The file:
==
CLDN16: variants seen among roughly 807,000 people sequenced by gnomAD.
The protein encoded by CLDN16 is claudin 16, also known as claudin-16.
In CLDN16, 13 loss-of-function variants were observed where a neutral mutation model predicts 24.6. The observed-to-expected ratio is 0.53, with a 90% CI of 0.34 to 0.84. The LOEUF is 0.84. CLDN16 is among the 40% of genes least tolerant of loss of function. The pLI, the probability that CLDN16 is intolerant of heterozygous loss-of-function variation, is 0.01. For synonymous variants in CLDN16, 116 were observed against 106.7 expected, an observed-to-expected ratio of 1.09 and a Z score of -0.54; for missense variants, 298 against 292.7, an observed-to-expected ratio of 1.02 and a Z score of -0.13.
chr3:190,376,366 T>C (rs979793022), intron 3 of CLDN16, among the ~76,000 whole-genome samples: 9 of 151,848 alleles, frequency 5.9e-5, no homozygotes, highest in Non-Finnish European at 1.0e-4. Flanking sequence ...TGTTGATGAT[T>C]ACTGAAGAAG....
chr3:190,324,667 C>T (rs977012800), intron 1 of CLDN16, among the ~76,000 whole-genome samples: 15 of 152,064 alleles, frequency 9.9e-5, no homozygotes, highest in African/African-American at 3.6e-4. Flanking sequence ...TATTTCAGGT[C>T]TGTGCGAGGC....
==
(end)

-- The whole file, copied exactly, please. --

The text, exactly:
CLDN16: variants seen among roughly 807,000 people sequenced by gnomAD.
The protein encoded by CLDN16 is claudin 16, also known as claudin-16.
In CLDN16, 13 loss-of-function variants were observed where a neutral mutation model predicts 24.6. The observed-to-expected ratio is 0.53, with a 90% CI of 0.34 to 0.84. The LOEUF is 0.84. CLDN16 is among the 40% of genes least tolerant of loss of function. The pLI, the probability that CLDN16 is intolerant of heterozygous loss-of-function variation, is 0.01. For synonymous variants in CLDN16, 116 were observed against 106.7 expected, an observed-to-expected ratio of 1.09 and a Z score of -0.54; for missense variants, 298 against 292.7, an observed-to-expected ratio of 1.02 and a Z score of -0.13.
chr3:190,376,366 T>C (rs979793022), intron 3 of CLDN16, among the ~76,000 whole-genome samples: 9 of 151,848 alleles, frequency 5.9e-5, no homozygotes, highest in Non-Finnish European at 1.0e-4. Flanking sequence ...TGTTGATGAT[T>C]ACTGAAGAAG....
chr3:190,324,667 C>T (rs977012800), intron 1 of CLDN16, among the ~76,000 whole-genome samples: 15 of 152,064 alleles, frequency 9.9e-5, no homozygotes, highest in African/African-American at 3.6e-4. Flanking sequence ...TATTTCAGGT[C>T]TGTGCGAGGC....